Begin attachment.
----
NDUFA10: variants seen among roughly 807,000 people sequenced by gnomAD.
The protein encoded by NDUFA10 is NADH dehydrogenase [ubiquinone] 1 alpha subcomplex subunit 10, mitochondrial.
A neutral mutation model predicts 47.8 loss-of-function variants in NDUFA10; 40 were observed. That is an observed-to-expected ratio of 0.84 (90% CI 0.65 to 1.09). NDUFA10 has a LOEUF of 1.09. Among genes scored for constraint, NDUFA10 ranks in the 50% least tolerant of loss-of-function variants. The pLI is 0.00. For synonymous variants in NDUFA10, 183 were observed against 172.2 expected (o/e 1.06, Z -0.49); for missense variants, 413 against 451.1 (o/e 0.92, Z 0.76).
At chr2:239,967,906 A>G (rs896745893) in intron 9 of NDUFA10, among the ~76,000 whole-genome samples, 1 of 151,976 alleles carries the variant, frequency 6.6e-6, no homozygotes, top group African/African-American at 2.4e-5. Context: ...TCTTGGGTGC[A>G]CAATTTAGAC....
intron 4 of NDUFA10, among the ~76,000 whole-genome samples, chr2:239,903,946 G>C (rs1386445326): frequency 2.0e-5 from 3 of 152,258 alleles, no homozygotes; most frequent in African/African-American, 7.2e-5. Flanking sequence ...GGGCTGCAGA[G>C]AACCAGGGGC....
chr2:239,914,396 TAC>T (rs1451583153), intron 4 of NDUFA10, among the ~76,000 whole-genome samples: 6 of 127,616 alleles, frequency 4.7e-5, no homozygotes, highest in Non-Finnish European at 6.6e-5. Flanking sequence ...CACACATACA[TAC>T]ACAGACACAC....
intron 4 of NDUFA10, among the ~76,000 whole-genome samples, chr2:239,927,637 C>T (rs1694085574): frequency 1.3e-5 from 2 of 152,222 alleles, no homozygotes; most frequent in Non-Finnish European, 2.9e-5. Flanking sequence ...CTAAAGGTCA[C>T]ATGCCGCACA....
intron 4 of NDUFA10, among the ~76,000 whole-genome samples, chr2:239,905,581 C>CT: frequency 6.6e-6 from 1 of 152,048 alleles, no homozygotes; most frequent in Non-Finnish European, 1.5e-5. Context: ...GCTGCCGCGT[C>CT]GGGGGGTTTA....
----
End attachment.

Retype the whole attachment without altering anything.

NDUFA10: variants seen among roughly 807,000 people sequenced by gnomAD.
The protein encoded by NDUFA10 is NADH dehydrogenase [ubiquinone] 1 alpha subcomplex subunit 10, mitochondrial.
A neutral mutation model predicts 47.8 loss-of-function variants in NDUFA10; 40 were observed. That is an observed-to-expected ratio of 0.84 (90% CI 0.65 to 1.09). NDUFA10 has a LOEUF of 1.09. Among genes scored for constraint, NDUFA10 ranks in the 50% least tolerant of loss-of-function variants. The pLI is 0.00. For synonymous variants in NDUFA10, 183 were observed against 172.2 expected (o/e 1.06, Z -0.49); for missense variants, 413 against 451.1 (o/e 0.92, Z 0.76).
At chr2:239,967,906 A>G (rs896745893) in intron 9 of NDUFA10, among the ~76,000 whole-genome samples, 1 of 151,976 alleles carries the variant, frequency 6.6e-6, no homozygotes, top group African/African-American at 2.4e-5. Context: ...TCTTGGGTGC[A>G]CAATTTAGAC....
intron 4 of NDUFA10, among the ~76,000 whole-genome samples, chr2:239,903,946 G>C (rs1386445326): frequency 2.0e-5 from 3 of 152,258 alleles, no homozygotes; most frequent in African/African-American, 7.2e-5. Flanking sequence ...GGGCTGCAGA[G>C]AACCAGGGGC....
chr2:239,914,396 TAC>T (rs1451583153), intron 4 of NDUFA10, among the ~76,000 whole-genome samples: 6 of 127,616 alleles, frequency 4.7e-5, no homozygotes, highest in Non-Finnish European at 6.6e-5. Flanking sequence ...CACACATACA[TAC>T]ACAGACACAC....
intron 4 of NDUFA10, among the ~76,000 whole-genome samples, chr2:239,927,637 C>T (rs1694085574): frequency 1.3e-5 from 2 of 152,222 alleles, no homozygotes; most frequent in Non-Finnish European, 2.9e-5. Flanking sequence ...CTAAAGGTCA[C>T]ATGCCGCACA....
intron 4 of NDUFA10, among the ~76,000 whole-genome samples, chr2:239,905,581 C>CT: frequency 6.6e-6 from 1 of 152,048 alleles, no homozygotes; most frequent in Non-Finnish European, 1.5e-5. Context: ...GCTGCCGCGT[C>CT]GGGGGGTTTA....